WASHINGTON - President Barack Obama was holding a last-chance meeting with Congressional leaders Friday to discuss how to avoid austerity measures that kick in next week and threaten to spin the country back into recession. Grumbling senators, called back to Washington, found themselves little to do, while the House of Representatives wasn't convening until Sunday evening.
There was no sign that a deal would be reached in time to avoid the so-called "fiscal cliff" of tax increases for nearly every American and deep spending cuts across the board.
Obama's meeting with Congressional leaders would be the first since Nov. 16. The president, who had cut short his Hawaiian holiday to return to Washington, called for the meeting as top lawmakers blamed each other while claiming to be open to a reasonable last-minute bargain.
"I don't know timewise how it can happen now," a grumpy Senate Democratic Leader Harry Reid said.
Despite early talk of a grand bargain between Obama and the top Republican negotiator, House Speaker John Boehner, that would reduce government deficits by more than $2 trillion, expectations Friday were far less ambitious.
Both the White House and Congress are in this situation because of their inability, or unwillingness, in recent years to come to terms with the country's chronic deficit spending. A bitterly divided Congress hasn't helped.
Adding pressure is this week's warning from Treasury Secretary Timothy Geithner that the government would hit its $16.4 trillion borrowing limit on Monday, the final day of the year. That would make it harder for the U.S. to pay its bills.
Republicans and Democrats said privately that any agreement would likely include an extension of middle-class tax cuts that had been set to expire at the end of the year, with increased tax rates at upper incomes —a priority that was central to Obama's re-election campaign.
The deal also would likely put off the scheduled spending cuts and extend expiring unemployment benefits, officials said.
Some in Congress say this only delays the tough decisions.
"We'll do some small deal and we'll create another fiscal cliff to deal with the fiscal cliff," Sen. Bob Corker told CBS on Friday. Corker said there has been "a total lack of courage, lack of leadership" in Washington.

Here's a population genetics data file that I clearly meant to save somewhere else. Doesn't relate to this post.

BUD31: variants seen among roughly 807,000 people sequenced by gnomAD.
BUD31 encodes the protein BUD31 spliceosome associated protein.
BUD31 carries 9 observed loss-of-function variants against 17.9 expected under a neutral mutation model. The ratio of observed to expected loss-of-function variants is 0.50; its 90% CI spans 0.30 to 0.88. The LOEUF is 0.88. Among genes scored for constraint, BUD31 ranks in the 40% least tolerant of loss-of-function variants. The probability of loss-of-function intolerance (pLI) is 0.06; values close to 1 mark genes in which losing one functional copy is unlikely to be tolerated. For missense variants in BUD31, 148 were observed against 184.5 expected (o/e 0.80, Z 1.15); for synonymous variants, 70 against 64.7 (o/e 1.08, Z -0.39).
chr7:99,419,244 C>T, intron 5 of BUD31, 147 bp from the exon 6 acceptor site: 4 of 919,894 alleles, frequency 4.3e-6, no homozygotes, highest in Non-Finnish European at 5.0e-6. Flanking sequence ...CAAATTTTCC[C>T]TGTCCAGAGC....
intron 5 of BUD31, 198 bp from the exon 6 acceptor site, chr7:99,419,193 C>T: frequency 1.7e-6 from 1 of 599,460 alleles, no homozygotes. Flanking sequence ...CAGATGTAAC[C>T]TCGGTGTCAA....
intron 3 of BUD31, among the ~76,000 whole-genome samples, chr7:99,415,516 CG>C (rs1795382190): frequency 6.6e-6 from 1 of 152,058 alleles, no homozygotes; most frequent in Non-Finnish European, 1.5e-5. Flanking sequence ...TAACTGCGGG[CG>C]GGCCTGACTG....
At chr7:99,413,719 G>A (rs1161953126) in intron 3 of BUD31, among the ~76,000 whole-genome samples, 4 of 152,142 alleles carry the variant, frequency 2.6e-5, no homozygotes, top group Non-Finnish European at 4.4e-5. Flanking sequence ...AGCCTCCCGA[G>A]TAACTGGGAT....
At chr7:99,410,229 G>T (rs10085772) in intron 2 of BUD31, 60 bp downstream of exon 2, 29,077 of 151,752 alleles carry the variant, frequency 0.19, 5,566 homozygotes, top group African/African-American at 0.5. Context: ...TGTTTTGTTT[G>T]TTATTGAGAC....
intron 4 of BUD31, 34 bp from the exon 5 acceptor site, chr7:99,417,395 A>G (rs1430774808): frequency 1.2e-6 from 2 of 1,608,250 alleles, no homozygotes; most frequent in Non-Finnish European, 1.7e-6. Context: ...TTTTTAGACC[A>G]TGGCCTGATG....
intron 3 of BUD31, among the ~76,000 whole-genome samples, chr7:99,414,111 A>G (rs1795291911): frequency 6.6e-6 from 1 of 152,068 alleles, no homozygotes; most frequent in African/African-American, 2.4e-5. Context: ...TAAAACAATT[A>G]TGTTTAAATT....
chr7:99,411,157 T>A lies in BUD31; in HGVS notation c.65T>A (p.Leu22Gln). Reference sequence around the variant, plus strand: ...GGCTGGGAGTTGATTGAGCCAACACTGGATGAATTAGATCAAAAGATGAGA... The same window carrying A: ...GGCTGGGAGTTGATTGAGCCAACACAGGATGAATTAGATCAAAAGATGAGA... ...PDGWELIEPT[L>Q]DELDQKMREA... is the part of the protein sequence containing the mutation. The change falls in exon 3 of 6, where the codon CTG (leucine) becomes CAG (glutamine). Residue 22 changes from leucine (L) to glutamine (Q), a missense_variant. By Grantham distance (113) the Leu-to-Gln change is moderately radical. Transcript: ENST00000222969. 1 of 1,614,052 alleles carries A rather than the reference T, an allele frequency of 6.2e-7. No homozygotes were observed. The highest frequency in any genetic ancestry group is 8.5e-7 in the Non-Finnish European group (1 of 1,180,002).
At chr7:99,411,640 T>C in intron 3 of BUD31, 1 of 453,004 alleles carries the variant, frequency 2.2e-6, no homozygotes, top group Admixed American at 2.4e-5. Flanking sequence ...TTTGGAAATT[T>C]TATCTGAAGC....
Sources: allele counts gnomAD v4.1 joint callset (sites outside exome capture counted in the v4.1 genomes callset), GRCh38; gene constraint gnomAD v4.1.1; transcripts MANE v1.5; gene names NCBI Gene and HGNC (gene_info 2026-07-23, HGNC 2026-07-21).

Even to reach a lesser deal now, Obama and Reid would have to propose a package that Senate Republican Leader Mitch McConnell would agree not to block.
McConnell on Thursday warned, "Republicans aren't about to write a blank check for anything the Democrats put forward just because we find ourselves at the edge of the cliff."
Nevertheless, he said he told Obama in a phone call late Wednesday that "we're all happy to look at whatever he proposes."
If a deal were to pass the Democratic-controlled Senate, Boehner would have to agree to take it to the floor in the Republican-controlled House.
Boehner discussed the fiscal cliff with Republican members in a conference call Thursday. Rep. Tom Cole, an ally of the speaker, did not rule out Republican support for some increase in tax rates — which Republicans usually don't like.
Boehner, McConnell, Reid and House Democratic Leader Nancy Pelosi are all scheduled to attend Friday's White House meeting.
If a deal is not possible, it should become evident then. If that occurs, Obama and the leaders would leave the resolution to the next Congress to address in January.
Such a delay could unnerve the stock market, which performed erratically Thursday amid the developments in Washington. Economists say that if the tax increases are allowed to hit most Americans and if the spending cuts aren't scaled back, the recovering but fragile economy could sustain a shock.
But a sentiment is taking hold that Congress could weather the fiscal cliff without significant economic consequences if it acts decisively next month.
The debate over spending cuts, however, would have to start anew.
Associated Press writers Alan Fram, Jim Kunnhehn, Charles Babington and David Espo contributed to this report.